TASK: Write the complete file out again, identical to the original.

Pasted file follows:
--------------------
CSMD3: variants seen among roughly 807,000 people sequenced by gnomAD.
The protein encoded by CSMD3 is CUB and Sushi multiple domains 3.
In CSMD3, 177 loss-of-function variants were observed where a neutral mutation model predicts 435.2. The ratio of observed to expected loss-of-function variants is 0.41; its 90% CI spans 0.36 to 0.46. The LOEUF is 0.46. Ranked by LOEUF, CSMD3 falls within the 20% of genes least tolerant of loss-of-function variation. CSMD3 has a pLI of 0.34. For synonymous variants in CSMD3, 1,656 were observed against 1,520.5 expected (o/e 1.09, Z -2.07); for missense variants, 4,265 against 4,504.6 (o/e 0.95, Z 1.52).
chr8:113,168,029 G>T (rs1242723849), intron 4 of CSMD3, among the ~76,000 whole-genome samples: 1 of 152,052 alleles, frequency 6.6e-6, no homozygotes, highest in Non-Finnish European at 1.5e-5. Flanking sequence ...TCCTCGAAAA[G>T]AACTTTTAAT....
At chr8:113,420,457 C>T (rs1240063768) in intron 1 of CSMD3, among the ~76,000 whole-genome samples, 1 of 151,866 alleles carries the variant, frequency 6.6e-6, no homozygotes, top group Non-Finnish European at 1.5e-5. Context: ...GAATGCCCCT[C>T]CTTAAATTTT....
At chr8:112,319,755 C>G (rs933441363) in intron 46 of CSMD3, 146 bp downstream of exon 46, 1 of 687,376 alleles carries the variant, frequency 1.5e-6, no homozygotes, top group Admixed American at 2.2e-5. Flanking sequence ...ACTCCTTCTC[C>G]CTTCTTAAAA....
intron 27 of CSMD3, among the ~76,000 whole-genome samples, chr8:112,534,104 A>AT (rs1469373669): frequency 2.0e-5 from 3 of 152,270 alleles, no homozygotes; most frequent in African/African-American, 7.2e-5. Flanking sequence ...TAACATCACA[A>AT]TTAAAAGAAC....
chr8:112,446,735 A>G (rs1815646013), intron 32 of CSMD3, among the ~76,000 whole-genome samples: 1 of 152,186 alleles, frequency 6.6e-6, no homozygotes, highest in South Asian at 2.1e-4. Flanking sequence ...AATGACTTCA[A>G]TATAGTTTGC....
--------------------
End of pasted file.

CSMD3: variants seen among roughly 807,000 people sequenced by gnomAD.
The protein encoded by CSMD3 is CUB and Sushi multiple domains 3.
In CSMD3, 177 loss-of-function variants were observed where a neutral mutation model predicts 435.2. The ratio of observed to expected loss-of-function variants is 0.41; its 90% CI spans 0.36 to 0.46. The LOEUF is 0.46. Ranked by LOEUF, CSMD3 falls within the 20% of genes least tolerant of loss-of-function variation. CSMD3 has a pLI of 0.34. For synonymous variants in CSMD3, 1,656 were observed against 1,520.5 expected (o/e 1.09, Z -2.07); for missense variants, 4,265 against 4,504.6 (o/e 0.95, Z 1.52).
chr8:113,168,029 G>T (rs1242723849), intron 4 of CSMD3, among the ~76,000 whole-genome samples: 1 of 152,052 alleles, frequency 6.6e-6, no homozygotes, highest in Non-Finnish European at 1.5e-5. Flanking sequence ...TCCTCGAAAA[G>T]AACTTTTAAT....
At chr8:113,420,457 C>T (rs1240063768) in intron 1 of CSMD3, among the ~76,000 whole-genome samples, 1 of 151,866 alleles carries the variant, frequency 6.6e-6, no homozygotes, top group Non-Finnish European at 1.5e-5. Context: ...GAATGCCCCT[C>T]CTTAAATTTT....
At chr8:112,319,755 C>G (rs933441363) in intron 46 of CSMD3, 146 bp downstream of exon 46, 1 of 687,376 alleles carries the variant, frequency 1.5e-6, no homozygotes, top group Admixed American at 2.2e-5. Flanking sequence ...ACTCCTTCTC[C>G]CTTCTTAAAA....
intron 27 of CSMD3, among the ~76,000 whole-genome samples, chr8:112,534,104 A>AT (rs1469373669): frequency 2.0e-5 from 3 of 152,270 alleles, no homozygotes; most frequent in African/African-American, 7.2e-5. Flanking sequence ...TAACATCACA[A>AT]TTAAAAGAAC....
chr8:112,446,735 A>G (rs1815646013), intron 32 of CSMD3, among the ~76,000 whole-genome samples: 1 of 152,186 alleles, frequency 6.6e-6, no homozygotes, highest in South Asian at 2.1e-4. Flanking sequence ...AATGACTTCA[A>G]TATAGTTTGC....